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Saturday, October 10, 1891

     5:55 P.M. W. in his dark room, on the bed—a fire burning in the stove (two lighted logs). Smoke plentiful, yet he did not seem conscious of it. "Is it so? I did not notice." Every window closed. Says he had "felt the chill of out-of-doors." How was he? "Bad—bad." An ill night again to account for it? "I suppose so—I did not sleep at all last night." Continuing, "It was the neuralgia again. It kept me awake the whole night. Yes, Horace, we are entered upon evil days again." Had written a letter to Bucke today and made up a paper for Miss Whitman (Jessie). (These I later took to Post Office.) "I have a letter from Wallace—coming from Brooklyn—written at the Romes'. And as he is fully determined upon the Long Island trip, he can hardly

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be expected here for two or three or four days yet. He speaks of the ride down the Hudson—its wonder—its fortunate good weather. Indeed, he has been mighty lucky in weather. Almost uninterrupted clear pure days—more of 'em maybe than he ever had in his life before."
I too had a note from Wallace.

     And Bucke writes me, too, under date of the 8th:
8 Oct 1891

My dear Horace

All well here. Weather continues wonderful—clear and warm. I have not written to you lately as much as I ought. Being away etc. etc. I have letter from you of 27 ult. and 5 inst. Do not forget me—write from time to time—I will write whenever I have a word to say.

The "Star" came—W. seems uncertain but is apt to "get there" in the end. My Montreal venture was a decided success. Mrs. B. & I had a big time—lecture went well—was far more praised than it seemed to me to deserve. It was distinctly wrong of W.S.K. to allude in print to my T. letter—just shows that you can not trust these newspaper men—they are so hungry for anything that will make an item.

I have often been loaded down with work but never anything like at present before. Annual report not begun—should go in a week, lectures to students ought to begin at once, no end of meter work which must be done, some pressing family affairs requiring a lot of my time, amusement season just about to open and arrangements to be made for lectures etc. etc., regular asylum work way behind, etc. etc. etc. But I feel well—better than for some years and I shall come out of it all O.K. by and by. I do not hear from W., nor from you much, see that I am kept posted like a good fellow. Love to Anne.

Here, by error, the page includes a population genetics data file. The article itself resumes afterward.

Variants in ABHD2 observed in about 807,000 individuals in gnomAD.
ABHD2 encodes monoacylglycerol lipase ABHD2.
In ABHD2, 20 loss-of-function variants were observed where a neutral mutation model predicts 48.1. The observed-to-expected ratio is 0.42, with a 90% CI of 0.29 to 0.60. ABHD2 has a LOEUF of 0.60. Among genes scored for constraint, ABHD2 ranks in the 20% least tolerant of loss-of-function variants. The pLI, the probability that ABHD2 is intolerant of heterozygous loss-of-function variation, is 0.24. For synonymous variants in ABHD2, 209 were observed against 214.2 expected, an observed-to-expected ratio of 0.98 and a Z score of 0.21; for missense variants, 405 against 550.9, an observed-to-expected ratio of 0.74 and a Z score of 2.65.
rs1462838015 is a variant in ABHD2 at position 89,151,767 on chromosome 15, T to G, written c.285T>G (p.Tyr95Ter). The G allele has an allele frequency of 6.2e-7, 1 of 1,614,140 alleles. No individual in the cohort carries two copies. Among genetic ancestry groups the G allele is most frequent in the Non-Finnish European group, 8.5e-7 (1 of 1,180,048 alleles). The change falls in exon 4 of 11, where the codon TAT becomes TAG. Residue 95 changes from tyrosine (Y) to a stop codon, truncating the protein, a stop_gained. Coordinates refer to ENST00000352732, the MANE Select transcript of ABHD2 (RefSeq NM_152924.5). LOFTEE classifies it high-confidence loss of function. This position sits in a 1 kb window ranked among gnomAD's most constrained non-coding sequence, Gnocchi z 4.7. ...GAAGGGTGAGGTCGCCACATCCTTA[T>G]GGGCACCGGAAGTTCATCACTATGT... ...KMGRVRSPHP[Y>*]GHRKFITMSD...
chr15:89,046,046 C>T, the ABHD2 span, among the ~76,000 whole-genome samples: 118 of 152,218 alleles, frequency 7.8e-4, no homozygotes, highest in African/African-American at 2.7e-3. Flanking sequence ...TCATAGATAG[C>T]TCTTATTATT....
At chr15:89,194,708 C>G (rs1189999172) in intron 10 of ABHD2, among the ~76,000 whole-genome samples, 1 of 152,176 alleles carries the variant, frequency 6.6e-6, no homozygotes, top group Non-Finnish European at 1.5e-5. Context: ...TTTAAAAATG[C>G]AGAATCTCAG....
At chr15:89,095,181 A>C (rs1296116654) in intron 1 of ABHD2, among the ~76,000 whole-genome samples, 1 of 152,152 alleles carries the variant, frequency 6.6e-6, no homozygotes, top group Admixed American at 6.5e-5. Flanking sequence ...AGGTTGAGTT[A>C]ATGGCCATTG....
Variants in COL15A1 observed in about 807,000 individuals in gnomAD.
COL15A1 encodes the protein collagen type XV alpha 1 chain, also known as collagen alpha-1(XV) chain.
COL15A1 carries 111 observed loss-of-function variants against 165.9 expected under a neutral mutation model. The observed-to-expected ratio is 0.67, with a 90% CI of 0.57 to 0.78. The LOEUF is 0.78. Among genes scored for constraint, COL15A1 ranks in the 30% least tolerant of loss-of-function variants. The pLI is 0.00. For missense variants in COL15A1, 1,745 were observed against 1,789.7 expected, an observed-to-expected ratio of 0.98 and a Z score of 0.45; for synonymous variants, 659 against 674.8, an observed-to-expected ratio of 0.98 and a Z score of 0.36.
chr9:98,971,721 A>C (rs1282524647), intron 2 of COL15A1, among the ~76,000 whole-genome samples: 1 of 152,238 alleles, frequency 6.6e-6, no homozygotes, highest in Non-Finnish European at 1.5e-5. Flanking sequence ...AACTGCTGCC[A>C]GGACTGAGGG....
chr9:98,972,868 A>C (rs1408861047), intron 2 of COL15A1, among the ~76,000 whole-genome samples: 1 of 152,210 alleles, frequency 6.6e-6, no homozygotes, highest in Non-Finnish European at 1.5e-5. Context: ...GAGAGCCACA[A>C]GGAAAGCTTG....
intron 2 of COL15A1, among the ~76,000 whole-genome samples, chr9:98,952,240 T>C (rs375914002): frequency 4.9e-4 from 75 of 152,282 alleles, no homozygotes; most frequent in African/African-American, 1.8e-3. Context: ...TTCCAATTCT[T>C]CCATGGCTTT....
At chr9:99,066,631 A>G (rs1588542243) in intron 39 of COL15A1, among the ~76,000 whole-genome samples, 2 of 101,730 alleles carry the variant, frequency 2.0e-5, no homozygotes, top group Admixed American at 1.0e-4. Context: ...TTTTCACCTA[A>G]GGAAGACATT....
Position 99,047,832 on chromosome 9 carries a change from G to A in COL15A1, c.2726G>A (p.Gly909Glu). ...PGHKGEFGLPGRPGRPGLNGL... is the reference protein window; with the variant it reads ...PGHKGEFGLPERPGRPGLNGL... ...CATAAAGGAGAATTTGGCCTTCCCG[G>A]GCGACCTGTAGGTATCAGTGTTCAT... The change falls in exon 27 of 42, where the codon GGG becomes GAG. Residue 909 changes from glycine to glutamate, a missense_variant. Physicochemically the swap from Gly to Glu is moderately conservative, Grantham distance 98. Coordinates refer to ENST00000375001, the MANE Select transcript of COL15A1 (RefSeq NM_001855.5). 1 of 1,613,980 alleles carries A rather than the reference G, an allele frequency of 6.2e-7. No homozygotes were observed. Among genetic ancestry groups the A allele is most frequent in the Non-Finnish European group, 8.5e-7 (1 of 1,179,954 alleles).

Your friend

R. M. Bucke

W. says as to Kennedy, "It was a violation of confidence, no doubt. Kennedy would unquestionably protect himself behind the anonymity of the paragraph, saying that no names were anyway mentioned. But that would not satisfy me—no, would not. And yet I brought it on myself. I should have known better, though his promises to say nothing about it—to faithfully

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maintain quiet—were warm enough. I had told him we had the letters. I suppose I should not have done even that much. Well, well, Sloane is a queer make-up—baffles me—I am defeated."
W. expresses wish to read the manuscripts Bucke left with me—translations—Knortz, Schmidt, Rolleston, Benzon. "They are all in a sense new to me. I should like to mine them—see what I can dig out. And if you will leave them with me for a day or two, I will grapple with the problem." Then again, "They tantalize me, now you tell me of them, for I have never really known any one of them except in snatches."


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